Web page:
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Lenovo ThinkPad X1 Carbon 7th gen Lenovo I really like Lenovo’s new Thinkpad Carbon X1 and I think it has it where it counts: the construction, the inputs and the multitude of screens and hardware configurations, among others. Compared to the previous models, this 2019 X1 Carbon 7th gen improves in the screens, audio and noise-levels, but settles for shorter battery life and some performance limitations in demanding loads. We\'ll talk about all these aspects in the review below. Lenovo ThinkPad X1 Carbon 7th gen I really like Lenovo’s new Thinkpad Carbon X1 and I think it has it where it counts: the construction, the inputs and the multitude of screens and hardware configurations, among others. Compared to the previous models, this 2019 X1 Carbon 7th gen improves in the screens, audio and noise-levels, but settles for shorter battery life and some performance limitations in demanding loads. We'll talk about all these aspects in the review below. Derek Sullivan 4.25 5 https://www.ultrabookreview.com/wp-content/uploads/2019/08/thinkpad-x2-caron-2019-main.jpg Derek Sullivan 4.25 5

Lenovo ThinkPad X1 Carbon 7th gen review (2019 model – Core i7, FHD & UHD screens)

21 Comments

  1. Matteo B

    August 23, 2019 at 4:03 am

    One of the best ways to limit the CPU temperature is to disable the hyperthreading in the BIOS. In most of the daily use, it is totally unuseful and, without it, the CPU energy consumption (and heating) is a lot lower. You can probably squeeze much better performances overall because of the higher frequency every single core can achieve. I'm really surprised nobody really test CPUs in this configuration.

    • Derek Sullivan

      August 23, 2019 at 4:42 am

      I just ran cinebench r20 with hyperthreading disabled. Single core stayed about the same at 426 points which makes sense since that test only uses one thread. The multicore score dropped from 1544 to 1286 though. And all 4 cores still hit 99C and throttled.

      • Matteo B

        August 23, 2019 at 5:14 am

        Makes some sense, but depends on the real use. Does CineBench r20 takes in consideration this kind of environment? If in real use the load of all 4 cores is always at 100%, the CPU will throttle anyway. But when this happens in real use? The chance of throttling on all cores should be reduced with hyperthreading disabled (when you try to overclock a CPU, you can usually hit higher frequencies with HT disabled just because it stays a little cooler, and what you gain in frequency is worth the loss of HT to increase single core performances). This is true on games for example. To me it seems that this kind of CPUs are already at the top frequency/time limit no matter if the stay a little cooler or not.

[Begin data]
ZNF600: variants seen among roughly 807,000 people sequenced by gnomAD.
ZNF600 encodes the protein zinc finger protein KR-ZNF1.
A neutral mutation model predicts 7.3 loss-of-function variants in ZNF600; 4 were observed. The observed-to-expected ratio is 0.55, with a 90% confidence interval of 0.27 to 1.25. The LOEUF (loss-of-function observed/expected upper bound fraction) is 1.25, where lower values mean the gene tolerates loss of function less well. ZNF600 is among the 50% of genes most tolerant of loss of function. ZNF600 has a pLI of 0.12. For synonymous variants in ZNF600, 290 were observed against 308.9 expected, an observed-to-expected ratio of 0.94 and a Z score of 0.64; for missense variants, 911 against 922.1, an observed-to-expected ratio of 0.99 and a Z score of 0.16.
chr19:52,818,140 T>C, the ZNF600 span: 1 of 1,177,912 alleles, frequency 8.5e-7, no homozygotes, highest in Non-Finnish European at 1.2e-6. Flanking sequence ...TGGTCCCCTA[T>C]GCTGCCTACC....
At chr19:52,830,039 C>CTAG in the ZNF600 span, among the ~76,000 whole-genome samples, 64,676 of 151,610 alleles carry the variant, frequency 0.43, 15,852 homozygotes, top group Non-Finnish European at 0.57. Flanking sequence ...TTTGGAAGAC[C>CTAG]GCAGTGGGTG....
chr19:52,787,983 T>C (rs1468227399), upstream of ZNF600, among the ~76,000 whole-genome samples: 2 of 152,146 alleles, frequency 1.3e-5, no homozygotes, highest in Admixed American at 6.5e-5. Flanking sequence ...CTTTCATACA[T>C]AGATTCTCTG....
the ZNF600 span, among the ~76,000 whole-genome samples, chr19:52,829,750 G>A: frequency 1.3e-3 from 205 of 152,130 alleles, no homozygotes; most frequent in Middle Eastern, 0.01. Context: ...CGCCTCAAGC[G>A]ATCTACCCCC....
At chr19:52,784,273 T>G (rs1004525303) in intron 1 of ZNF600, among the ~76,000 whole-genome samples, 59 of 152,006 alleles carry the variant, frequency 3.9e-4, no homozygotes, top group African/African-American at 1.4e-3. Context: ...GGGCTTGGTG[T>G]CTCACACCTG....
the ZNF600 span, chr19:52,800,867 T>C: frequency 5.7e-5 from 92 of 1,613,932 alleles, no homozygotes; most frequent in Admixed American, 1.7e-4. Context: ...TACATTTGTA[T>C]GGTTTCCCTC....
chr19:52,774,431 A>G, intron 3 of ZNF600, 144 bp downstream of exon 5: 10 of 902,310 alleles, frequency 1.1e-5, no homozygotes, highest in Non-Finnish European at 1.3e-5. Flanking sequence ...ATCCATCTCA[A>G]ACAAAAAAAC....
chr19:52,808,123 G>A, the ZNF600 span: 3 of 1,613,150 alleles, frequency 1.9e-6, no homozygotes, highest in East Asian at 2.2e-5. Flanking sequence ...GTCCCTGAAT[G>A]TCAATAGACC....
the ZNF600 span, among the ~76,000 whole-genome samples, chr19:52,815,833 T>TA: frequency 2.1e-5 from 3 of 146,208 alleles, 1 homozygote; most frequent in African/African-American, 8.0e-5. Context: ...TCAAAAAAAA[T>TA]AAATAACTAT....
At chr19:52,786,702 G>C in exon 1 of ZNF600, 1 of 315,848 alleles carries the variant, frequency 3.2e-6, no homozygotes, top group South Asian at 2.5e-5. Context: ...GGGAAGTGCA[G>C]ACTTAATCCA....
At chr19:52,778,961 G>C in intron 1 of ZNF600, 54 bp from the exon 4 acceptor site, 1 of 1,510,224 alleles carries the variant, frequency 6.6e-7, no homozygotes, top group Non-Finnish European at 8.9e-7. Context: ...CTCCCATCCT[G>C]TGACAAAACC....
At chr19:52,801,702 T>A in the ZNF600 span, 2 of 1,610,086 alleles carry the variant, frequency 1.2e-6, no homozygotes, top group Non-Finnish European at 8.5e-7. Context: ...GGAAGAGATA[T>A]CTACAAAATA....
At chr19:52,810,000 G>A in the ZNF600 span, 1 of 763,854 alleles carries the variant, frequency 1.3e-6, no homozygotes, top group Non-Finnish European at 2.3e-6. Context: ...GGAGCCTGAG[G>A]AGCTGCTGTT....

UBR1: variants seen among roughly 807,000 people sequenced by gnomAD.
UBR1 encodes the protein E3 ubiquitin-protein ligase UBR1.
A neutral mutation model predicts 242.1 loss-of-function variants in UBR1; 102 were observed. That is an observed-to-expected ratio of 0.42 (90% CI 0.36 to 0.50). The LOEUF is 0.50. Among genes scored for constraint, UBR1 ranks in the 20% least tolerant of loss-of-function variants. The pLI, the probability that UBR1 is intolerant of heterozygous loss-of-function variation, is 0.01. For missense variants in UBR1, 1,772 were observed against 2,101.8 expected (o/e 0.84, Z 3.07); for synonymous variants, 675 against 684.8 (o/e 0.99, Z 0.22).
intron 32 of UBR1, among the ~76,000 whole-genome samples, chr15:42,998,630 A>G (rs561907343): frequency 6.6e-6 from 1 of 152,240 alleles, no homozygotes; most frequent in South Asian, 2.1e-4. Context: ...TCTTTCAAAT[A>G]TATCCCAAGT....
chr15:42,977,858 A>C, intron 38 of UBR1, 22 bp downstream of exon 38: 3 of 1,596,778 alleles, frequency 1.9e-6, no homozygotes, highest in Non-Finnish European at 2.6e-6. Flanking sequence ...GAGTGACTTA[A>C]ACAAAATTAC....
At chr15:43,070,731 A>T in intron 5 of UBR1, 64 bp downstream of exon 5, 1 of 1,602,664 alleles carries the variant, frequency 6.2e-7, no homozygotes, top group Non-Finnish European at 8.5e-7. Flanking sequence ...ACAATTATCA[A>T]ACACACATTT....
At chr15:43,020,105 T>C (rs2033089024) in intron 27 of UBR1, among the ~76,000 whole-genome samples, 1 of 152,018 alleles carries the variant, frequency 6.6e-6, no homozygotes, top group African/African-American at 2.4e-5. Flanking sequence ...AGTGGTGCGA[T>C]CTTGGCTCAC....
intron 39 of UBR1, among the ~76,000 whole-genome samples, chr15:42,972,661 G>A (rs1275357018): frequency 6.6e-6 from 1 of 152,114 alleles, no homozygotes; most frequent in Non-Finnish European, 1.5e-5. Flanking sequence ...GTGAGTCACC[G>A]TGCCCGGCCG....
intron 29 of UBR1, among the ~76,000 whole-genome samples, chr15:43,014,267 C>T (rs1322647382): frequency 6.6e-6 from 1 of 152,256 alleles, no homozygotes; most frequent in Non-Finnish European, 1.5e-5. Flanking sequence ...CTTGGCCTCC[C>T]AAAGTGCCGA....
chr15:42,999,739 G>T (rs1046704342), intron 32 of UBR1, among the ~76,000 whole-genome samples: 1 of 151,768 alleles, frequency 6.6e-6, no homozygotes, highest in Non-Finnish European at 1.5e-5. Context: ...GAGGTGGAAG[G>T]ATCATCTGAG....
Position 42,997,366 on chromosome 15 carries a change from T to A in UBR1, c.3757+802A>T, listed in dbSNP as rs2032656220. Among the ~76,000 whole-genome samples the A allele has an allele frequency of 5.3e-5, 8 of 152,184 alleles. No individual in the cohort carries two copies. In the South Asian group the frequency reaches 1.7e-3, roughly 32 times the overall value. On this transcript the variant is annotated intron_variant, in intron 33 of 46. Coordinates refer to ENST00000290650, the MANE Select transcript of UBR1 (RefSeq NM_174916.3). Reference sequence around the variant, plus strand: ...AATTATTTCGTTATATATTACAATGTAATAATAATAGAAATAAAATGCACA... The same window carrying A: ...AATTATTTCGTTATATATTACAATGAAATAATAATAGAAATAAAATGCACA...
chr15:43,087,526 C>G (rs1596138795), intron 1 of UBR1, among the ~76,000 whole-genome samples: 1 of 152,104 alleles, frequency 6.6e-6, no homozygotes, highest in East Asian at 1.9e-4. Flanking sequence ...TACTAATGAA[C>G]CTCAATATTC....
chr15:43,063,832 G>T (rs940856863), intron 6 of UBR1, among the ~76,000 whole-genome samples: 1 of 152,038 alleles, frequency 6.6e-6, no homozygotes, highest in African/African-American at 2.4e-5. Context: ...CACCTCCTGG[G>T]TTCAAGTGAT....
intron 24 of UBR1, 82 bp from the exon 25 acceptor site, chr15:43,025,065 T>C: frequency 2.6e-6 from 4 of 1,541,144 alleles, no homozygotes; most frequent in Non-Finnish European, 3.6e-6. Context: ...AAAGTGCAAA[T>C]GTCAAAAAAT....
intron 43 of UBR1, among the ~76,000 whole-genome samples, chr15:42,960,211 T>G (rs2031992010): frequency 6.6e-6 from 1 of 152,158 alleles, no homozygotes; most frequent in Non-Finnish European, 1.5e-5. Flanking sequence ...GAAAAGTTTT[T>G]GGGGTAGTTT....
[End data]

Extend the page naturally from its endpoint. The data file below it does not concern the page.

Btw it is a nice laptop!

    • Andrei Girbea

      August 23, 2019 at 9:40 am

      It would depend on the workload. If it's something that balances well over 8 threads, you won't get better performance this way. The CPU normally does a pretty good job adjusting its speed within the thermal and Power-limit constraints. Undervolting is something I recommend, but otherwise I'd leave things on auto. The only time I actually got better performance with various manual limitations is on combined CPU + GPU threads on a laptop with a shared thermal module, in which case limiting the CPU leaves more headroom for the GPU to run at higher clocks.

  2. DavidC1

    August 25, 2019 at 8:19 pm

    Are you actually testing the battery life, or are you calculating using the watt numbers you get?

    • Derek Sullivan

      August 25, 2019 at 9:13 pm

      It's calculated based of average wattage during use for a set period of time.

  3. Kirk Diaz

    August 26, 2019 at 1:42 am

    Hi,
    Thanks for the well written review. I'm going to order the i5 version (with 16GB memory) which I read in another review would probably perform close to the same as the i7 in many cases due to the i7 throttling to keep heat down.

    Plus, for my usage I do not think I need an i7. If I was doing any tacks that needed processor power I would use my desktop.

    I have a question on the FHD, I'm trying to decide on that screen (400 nits) for the brightness and better battery life or the WQHD for a sharper picture (maybe more color accurate?) but I'm not sure about the 300 nits.

    What I wondered was during your testing did you notice any excessive ghosting which can be present with low power screens, or did you find the ghosting to be minimal?

    Thanks,
    Kirk

    • Derek Sullivan

      August 26, 2019 at 4:26 am

      Hi Kirk. I didn't notice any ghosting. I think the fhd screen is fine, especially at 14". 22" is the optimal viewing distance for the, where you start to notice the pixels.

      I haven't seen the qhd, but I'd take the fhd for the power savings and the added brightness.

      • Kirk

        August 26, 2019 at 6:20 pm

        Thanks Derek, I was leaning that way so great to get some confirmation.

        Going to order this week, good pricing right now with the current sales.

        Kirk

    • OSSO

      September 2, 2019 at 7:28 pm

      This is odd as another article clearly states that 400 nits low power display from Lenovo develops terrible ghosting. Unless 400 nits on X1C is very different from the one on T490S (which I doubt).

      "